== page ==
A quick bake this morning, batch of Blackberry and hazelnut friands, adapting Nigel Slater’s recipe from Kitchen Diaries II (also here) a little. Boxed up and ready to take to the office, not that I normally take cakes to work but our office dog’s retiring, getting too old for the commute so I thought it’d be a nice treat (for the rest of us). Anyway, I used all the same ingredients but reduced sugar to 120g, used both ground and chopped hazelnuts (for a more interesting texture) and increased quantity to 120g and also used 12 large blackberries, one each per friand – this is around 100g and not 60 recommended by Slater. Really good and not too sweet. Very quick to make although I did have to rush to work so boxed them while they were still a bit warm. Good to eat in the morning too as not too sweet.
It took some maneuvering to get the ice cream maker bowl to fit into the freezer (small and recently loaded up with ‘stuff’) but fit it in I did because I really fancied some home made ice cream this weekend. I don’t think I froze the bowl for long enough beforehand though because it was taking ages yesterday afternoon, the ice cream was not really chilling and, as we were watching The Master at the same time I was getting pretty frustrated that nothing was happening. Nothing in the kitchen and nothing on the screen. I gave up on the machine and just froze the ice cream hoping for the best and soon after I gave up on the film too and nodded off. When I woke up the film was still on and Beloved informed me that I’d missed very little. What a pointless waste of time (Joaquin Phoenix very good though).
The ice cream, though was well worth the effort, with a very intense and mildly bitter coffee flavour enhanced by good dark chocolate. This is a real treat for lovers of good coffee. Recipe came from Nigel Slater’s Kitchen Diaries II although I reduced the amount of sugar by a third – think Nigel has a very sweet tooth although Beloved did say he would have liked a bit more sugar. For me, this was perfect but I would consider perhaps using a mix of dark and white or milk chocolate in future. Or perhaps not, it really is very good just as it is. Like a chocolatey affogato. Very good aftertaste too.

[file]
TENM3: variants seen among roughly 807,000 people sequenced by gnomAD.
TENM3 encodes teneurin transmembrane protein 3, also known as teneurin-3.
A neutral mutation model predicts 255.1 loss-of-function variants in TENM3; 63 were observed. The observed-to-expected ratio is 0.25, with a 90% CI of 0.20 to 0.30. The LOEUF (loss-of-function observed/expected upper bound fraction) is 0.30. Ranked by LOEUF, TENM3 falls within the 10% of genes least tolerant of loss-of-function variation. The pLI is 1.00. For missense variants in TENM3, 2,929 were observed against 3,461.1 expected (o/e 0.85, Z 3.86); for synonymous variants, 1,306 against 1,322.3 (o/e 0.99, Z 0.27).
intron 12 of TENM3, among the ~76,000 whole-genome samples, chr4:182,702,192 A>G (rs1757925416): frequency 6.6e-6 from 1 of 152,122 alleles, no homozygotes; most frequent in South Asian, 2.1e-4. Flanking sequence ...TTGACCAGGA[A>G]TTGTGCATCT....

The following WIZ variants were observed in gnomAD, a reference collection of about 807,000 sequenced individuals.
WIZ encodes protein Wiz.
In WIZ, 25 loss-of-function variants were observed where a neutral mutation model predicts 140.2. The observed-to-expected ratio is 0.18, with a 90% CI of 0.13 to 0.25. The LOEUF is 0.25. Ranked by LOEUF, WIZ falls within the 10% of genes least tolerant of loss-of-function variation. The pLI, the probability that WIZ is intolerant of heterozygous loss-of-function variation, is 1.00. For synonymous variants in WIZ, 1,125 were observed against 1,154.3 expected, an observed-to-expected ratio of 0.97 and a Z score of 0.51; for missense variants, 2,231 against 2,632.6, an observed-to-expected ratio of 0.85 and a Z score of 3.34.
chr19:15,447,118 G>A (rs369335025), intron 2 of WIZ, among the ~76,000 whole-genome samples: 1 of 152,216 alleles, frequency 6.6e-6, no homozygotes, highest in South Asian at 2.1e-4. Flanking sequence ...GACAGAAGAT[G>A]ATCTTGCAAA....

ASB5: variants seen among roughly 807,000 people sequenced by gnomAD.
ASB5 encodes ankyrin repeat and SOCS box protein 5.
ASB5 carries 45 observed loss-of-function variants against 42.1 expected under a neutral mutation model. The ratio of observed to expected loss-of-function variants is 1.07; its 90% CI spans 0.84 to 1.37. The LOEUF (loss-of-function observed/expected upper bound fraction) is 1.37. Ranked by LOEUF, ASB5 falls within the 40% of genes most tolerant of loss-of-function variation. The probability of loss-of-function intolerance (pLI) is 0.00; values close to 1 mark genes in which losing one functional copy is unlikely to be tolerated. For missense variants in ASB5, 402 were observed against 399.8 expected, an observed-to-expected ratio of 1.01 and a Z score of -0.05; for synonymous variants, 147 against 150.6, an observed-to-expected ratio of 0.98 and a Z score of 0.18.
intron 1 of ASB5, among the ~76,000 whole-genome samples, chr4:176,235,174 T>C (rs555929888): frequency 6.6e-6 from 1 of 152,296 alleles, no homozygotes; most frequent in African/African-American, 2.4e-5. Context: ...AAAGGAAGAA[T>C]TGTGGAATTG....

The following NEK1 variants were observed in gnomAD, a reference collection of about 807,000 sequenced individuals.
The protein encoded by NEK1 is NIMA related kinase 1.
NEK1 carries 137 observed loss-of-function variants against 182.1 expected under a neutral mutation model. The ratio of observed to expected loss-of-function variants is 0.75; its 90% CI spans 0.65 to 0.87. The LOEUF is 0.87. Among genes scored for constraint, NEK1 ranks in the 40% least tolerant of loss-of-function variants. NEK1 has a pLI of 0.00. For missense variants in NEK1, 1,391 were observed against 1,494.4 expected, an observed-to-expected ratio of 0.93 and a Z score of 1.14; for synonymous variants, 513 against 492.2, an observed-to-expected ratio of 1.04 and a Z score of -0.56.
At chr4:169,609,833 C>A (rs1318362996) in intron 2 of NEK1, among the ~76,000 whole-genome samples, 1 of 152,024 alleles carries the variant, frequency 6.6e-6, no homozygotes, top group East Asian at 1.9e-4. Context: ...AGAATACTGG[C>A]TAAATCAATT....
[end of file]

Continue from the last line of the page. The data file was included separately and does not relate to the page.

I seem to be baking with bananas quite a bit at the moment, there was the Banana and walnut bread and now this Chocolate muscovado banana cake from Nigel Slater’s Kitchen Diaries II. Well, there were four rather blackened bananas in the fruit bowl so I thought better use them in something than throw them away. And, as it happens, this cake is totally worth leaving bananas out too long, it is rather lovely. Here’s the whole thing:I’ve been a fan of Nigel Slater’s recipes for years although I’ve learnt not to completely trust some of his ingredient quantities. For this cake, I reduced the quantity of muscovado sugar and also used up some old vanilla palm sugar I had. Combined with a teaspoon of vanilla essence, 100g of Valrhona and the pretty overripe bananas, this cake has a rich, intense, almost boozy flavour. Typically, I didn’t particularly fancy waiting for it to cool down so cut it, carefully, while still warm. Unfortunately the colourful look – with chopped chocolate and some bits of banana still visible, doesn’t quite translate in this photo since I used flash on iphone and then tried to soften and warm up the image somewhat.Have to admit, I did the photos in a rush as have quite a lot on at the moment – not satisfied with doing one pretty full on course, I’ve committed to doing another, not nearly as full on but I seem to be forever catching up now. At least all this study is not leaving me any time to be depressed about it still being winter.